Lot 3386Hinckley & Co.'s Express, scroll frank on 3¢ red (U10) buff Nesbitt entire cancelled by grid cancel and "Philadelphia Pa., Nov 19, 1863" octagon datestamp addressed to Golden City, J.T. (Jefferson Territory), Very Fine.
Estimate $1,000 - 1,500.
A CHOICE HINCKLEY & CO.'S EXPRESS USE INBOUND TO GOLDEN CITY, JEFFERSON TERRITORY.
An unofficial Jefferson Territory was established locally in October 1859, but it was never recognized by Congress. No postal markings of Jefferson Territory are known, although covers are known addressed to Jefferson Territory. The area was larger than what would be Colorado Territory. The sender was probably a regular correspondent and had a supply of prepaid Hinckley & Co. entires in Philadelphia.
Lot 3387"Care Hinckley's & Co., Express, St Joseph Mo.", manuscript endorsement on cover bearing 3¢ dull red (26) tied by partial "Philadelphia Pa, May 12, 1861" octagon datestamp on buff cover "to Mountain City, J.T." (Jefferson Territory), F.-V.F.
Estimate $100 - 150.
Early advertisements proudly proclaiming "Hinckley's Express Company of Jefferson Territory" gave evidence of commercial backing of the group favoring the name, Jefferson, over Colorado for the new territory. Hinckley's promotional effort certainly had some effect since covers to a number of mining camps are known with "J.T." addresses.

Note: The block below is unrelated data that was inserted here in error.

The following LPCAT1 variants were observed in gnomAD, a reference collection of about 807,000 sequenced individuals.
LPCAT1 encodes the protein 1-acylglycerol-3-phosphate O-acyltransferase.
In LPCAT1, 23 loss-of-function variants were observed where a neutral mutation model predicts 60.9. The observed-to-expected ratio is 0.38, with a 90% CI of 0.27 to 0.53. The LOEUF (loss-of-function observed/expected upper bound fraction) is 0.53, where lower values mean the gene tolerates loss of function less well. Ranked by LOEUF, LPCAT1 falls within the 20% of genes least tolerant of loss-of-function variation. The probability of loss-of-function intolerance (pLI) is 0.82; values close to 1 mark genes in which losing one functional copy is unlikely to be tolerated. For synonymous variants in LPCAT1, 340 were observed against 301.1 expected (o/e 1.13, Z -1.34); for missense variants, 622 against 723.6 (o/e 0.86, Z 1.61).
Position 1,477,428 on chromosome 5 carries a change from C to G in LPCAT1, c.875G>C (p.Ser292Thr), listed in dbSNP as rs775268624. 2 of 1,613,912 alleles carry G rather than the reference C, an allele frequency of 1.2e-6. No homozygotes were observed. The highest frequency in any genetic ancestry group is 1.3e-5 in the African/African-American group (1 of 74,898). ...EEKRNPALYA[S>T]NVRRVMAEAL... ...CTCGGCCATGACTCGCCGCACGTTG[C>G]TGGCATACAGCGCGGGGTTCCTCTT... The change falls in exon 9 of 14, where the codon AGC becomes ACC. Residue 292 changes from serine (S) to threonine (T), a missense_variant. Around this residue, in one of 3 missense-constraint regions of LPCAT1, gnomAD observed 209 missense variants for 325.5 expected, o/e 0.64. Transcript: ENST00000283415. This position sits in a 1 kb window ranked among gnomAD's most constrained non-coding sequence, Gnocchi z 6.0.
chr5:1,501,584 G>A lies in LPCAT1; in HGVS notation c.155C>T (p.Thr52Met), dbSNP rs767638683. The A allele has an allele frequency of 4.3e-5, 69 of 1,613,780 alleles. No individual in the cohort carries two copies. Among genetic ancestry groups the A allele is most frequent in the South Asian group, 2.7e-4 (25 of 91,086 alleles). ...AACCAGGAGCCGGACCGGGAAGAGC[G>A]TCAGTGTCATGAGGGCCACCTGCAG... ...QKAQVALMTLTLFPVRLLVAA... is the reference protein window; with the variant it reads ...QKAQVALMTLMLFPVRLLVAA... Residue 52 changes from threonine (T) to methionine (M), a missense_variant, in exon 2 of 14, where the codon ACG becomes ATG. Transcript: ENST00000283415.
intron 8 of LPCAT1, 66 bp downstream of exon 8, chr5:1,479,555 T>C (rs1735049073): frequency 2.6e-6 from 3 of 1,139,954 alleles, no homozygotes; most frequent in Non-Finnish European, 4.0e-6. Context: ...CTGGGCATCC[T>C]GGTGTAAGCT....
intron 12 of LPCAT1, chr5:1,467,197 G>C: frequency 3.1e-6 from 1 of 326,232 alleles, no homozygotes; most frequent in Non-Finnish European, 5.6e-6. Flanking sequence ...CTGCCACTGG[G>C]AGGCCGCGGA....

Lot 3388Forwarded by Eldridge Brothers' Kansas Express, Collect "25", black on green printed label with manuscript collect rating, used on cover addressed to Leavenworth Kans., endorsed "(Eldridge Co's Ex.)" at lower left and additional "Collect 25" at upper right; label torn, upper right corner faulty, Very Fine and choice, ex-Eggen.
Estimate $3,000 - 4,000.
THE ONLY KNOWN EXAMPLE OF THIS ELDRIDGE BROTHERS' KANSAS EXPRESS LABEL, AND THE ONLY COVER CARRIED BY THIS EXPRESS.
In 1857, the Eldridge Brothers inaugurated the first stage line in Kansas Territory. The Kansas Express initially operated between Wyandotte and Lawrence. It was expanded to Topeka by way of LeCompton and also served the towns of Leavenworth City and Osawatomie. Three covers are recorded associated with this rare two-year express company, two of which have different all-over advertising on the reverse. This is the only known cover actually carried by the company before it was sold to the Western Stage Company in 1859.
Shalor Winchell Eldridge, the founder, was one of the most prominent Kansas and an avid free-state advocate. He was owner of the Free-State Hotel in Lawrence. As the site of the printing office of the "Kansas Free States" newspaper, the hotel was destroyed in 1856 by Sheriff Jones and his posse, a band of proslavery outlaws claiming to act under authority of the United States. The hotel was later rebuilt in 1857 as the Eldridge House.